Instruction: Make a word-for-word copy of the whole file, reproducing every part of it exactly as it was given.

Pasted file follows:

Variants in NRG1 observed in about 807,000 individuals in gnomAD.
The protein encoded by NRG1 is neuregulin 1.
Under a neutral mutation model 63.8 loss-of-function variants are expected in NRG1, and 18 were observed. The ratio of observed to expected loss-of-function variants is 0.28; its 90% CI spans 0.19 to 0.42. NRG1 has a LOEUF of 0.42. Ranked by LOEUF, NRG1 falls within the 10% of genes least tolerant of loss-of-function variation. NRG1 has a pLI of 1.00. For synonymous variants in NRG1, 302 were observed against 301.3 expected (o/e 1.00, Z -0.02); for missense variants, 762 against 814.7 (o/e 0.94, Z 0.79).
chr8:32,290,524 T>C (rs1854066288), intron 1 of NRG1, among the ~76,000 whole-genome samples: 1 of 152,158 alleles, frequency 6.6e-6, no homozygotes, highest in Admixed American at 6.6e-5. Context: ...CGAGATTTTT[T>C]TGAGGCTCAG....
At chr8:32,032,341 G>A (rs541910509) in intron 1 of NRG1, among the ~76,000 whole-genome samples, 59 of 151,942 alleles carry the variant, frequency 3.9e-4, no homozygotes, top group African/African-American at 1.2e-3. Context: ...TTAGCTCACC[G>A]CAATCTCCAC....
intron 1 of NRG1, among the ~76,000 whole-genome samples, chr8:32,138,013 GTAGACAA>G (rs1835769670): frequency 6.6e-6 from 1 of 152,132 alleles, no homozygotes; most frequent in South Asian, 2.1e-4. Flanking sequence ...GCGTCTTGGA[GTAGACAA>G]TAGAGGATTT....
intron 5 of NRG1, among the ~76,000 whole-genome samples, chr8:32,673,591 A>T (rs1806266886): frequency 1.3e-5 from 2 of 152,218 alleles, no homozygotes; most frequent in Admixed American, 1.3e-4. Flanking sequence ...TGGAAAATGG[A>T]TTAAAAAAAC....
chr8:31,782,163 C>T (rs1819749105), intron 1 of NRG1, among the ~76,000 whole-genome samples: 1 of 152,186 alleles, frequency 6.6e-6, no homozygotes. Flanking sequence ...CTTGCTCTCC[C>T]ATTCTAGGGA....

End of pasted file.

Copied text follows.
Variants in NRG1 observed in about 807,000 individuals in gnomAD.
The protein encoded by NRG1 is neuregulin 1.
Under a neutral mutation model 63.8 loss-of-function variants are expected in NRG1, and 18 were observed. The ratio of observed to expected loss-of-function variants is 0.28; its 90% CI spans 0.19 to 0.42. NRG1 has a LOEUF of 0.42. Ranked by LOEUF, NRG1 falls within the 10% of genes least tolerant of loss-of-function variation. NRG1 has a pLI of 1.00. For synonymous variants in NRG1, 302 were observed against 301.3 expected (o/e 1.00, Z -0.02); for missense variants, 762 against 814.7 (o/e 0.94, Z 0.79).
chr8:32,290,524 T>C (rs1854066288), intron 1 of NRG1, among the ~76,000 whole-genome samples: 1 of 152,158 alleles, frequency 6.6e-6, no homozygotes, highest in Admixed American at 6.6e-5. Context: ...CGAGATTTTT[T>C]TGAGGCTCAG....
At chr8:32,032,341 G>A (rs541910509) in intron 1 of NRG1, among the ~76,000 whole-genome samples, 59 of 151,942 alleles carry the variant, frequency 3.9e-4, no homozygotes, top group African/African-American at 1.2e-3. Context: ...TTAGCTCACC[G>A]CAATCTCCAC....
intron 1 of NRG1, among the ~76,000 whole-genome samples, chr8:32,138,013 GTAGACAA>G (rs1835769670): frequency 6.6e-6 from 1 of 152,132 alleles, no homozygotes; most frequent in South Asian, 2.1e-4. Flanking sequence ...GCGTCTTGGA[GTAGACAA>G]TAGAGGATTT....
intron 5 of NRG1, among the ~76,000 whole-genome samples, chr8:32,673,591 A>T (rs1806266886): frequency 1.3e-5 from 2 of 152,218 alleles, no homozygotes; most frequent in Admixed American, 1.3e-4. Flanking sequence ...TGGAAAATGG[A>T]TTAAAAAAAC....
chr8:31,782,163 C>T (rs1819749105), intron 1 of NRG1, among the ~76,000 whole-genome samples: 1 of 152,186 alleles, frequency 6.6e-6, no homozygotes. Flanking sequence ...CTTGCTCTCC[C>T]ATTCTAGGGA....